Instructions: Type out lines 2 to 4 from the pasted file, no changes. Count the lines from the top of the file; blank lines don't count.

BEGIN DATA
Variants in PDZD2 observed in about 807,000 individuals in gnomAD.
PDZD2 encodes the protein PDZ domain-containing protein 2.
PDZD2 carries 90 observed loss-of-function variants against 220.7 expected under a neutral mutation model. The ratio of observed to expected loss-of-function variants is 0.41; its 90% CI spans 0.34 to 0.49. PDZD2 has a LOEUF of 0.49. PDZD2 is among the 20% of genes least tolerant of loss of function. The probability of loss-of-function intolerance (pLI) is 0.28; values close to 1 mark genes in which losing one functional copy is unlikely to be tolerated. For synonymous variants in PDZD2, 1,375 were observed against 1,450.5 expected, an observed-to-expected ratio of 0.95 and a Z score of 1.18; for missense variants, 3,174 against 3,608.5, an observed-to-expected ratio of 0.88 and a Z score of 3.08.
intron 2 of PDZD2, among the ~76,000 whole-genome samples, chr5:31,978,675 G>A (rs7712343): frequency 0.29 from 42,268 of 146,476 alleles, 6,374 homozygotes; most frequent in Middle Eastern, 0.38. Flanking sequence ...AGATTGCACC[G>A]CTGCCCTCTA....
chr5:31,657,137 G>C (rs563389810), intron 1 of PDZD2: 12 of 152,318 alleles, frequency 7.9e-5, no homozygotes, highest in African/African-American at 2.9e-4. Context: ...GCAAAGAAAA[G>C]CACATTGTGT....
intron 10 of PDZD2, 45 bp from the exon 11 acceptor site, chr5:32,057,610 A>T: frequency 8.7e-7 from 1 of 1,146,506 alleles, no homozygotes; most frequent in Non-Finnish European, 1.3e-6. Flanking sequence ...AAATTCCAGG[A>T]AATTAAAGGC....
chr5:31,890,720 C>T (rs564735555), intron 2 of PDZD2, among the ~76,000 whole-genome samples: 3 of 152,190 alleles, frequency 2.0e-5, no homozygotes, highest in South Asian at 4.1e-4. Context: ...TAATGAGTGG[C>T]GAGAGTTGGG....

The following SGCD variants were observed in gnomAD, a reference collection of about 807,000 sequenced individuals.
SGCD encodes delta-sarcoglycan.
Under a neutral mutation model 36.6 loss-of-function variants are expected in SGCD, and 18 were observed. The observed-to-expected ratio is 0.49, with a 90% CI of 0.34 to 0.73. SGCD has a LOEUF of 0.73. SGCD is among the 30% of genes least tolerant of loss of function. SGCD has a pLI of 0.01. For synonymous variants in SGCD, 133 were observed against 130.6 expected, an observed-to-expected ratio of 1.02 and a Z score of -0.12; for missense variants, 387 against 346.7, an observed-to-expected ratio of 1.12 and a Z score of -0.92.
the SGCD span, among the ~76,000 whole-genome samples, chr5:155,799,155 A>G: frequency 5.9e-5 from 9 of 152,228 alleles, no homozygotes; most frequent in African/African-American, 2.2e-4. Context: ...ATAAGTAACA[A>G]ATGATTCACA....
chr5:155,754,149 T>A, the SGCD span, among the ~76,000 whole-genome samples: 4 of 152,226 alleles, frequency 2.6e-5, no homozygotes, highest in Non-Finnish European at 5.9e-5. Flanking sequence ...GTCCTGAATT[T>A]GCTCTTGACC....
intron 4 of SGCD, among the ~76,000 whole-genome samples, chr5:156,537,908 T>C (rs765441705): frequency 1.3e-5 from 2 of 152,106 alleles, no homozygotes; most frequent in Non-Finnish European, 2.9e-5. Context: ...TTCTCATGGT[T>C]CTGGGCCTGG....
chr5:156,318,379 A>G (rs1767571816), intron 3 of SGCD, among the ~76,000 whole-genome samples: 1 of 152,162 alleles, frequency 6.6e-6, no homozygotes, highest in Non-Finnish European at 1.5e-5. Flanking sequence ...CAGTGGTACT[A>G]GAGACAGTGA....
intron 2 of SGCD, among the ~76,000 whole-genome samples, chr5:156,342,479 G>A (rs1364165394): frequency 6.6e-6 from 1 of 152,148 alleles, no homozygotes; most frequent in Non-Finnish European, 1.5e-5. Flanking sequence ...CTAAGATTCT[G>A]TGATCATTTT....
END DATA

PDZD2 encodes the protein PDZ domain-containing protein 2.
PDZD2 carries 90 observed loss-of-function variants against 220.7 expected under a neutral mutation model. The ratio of observed to expected loss-of-function variants is 0.41; its 90% CI spans 0.34 to 0.49. PDZD2 has a LOEUF of 0.49. PDZD2 is among the 20% of genes least tolerant of loss of function. The probability of loss-of-function intolerance (pLI) is 0.28; values close to 1 mark genes in which losing one functional copy is unlikely to be tolerated. For synonymous variants in PDZD2, 1,375 were observed against 1,450.5 expected, an observed-to-expected ratio of 0.95 and a Z score of 1.18; for missense variants, 3,174 against 3,608.5, an observed-to-expected ratio of 0.88 and a Z score of 3.08.
intron 2 of PDZD2, among the ~76,000 whole-genome samples, chr5:31,978,675 G>A (rs7712343): frequency 0.29 from 42,268 of 146,476 alleles, 6,374 homozygotes; most frequent in Middle Eastern, 0.38. Flanking sequence ...AGATTGCACC[G>A]CTGCCCTCTA....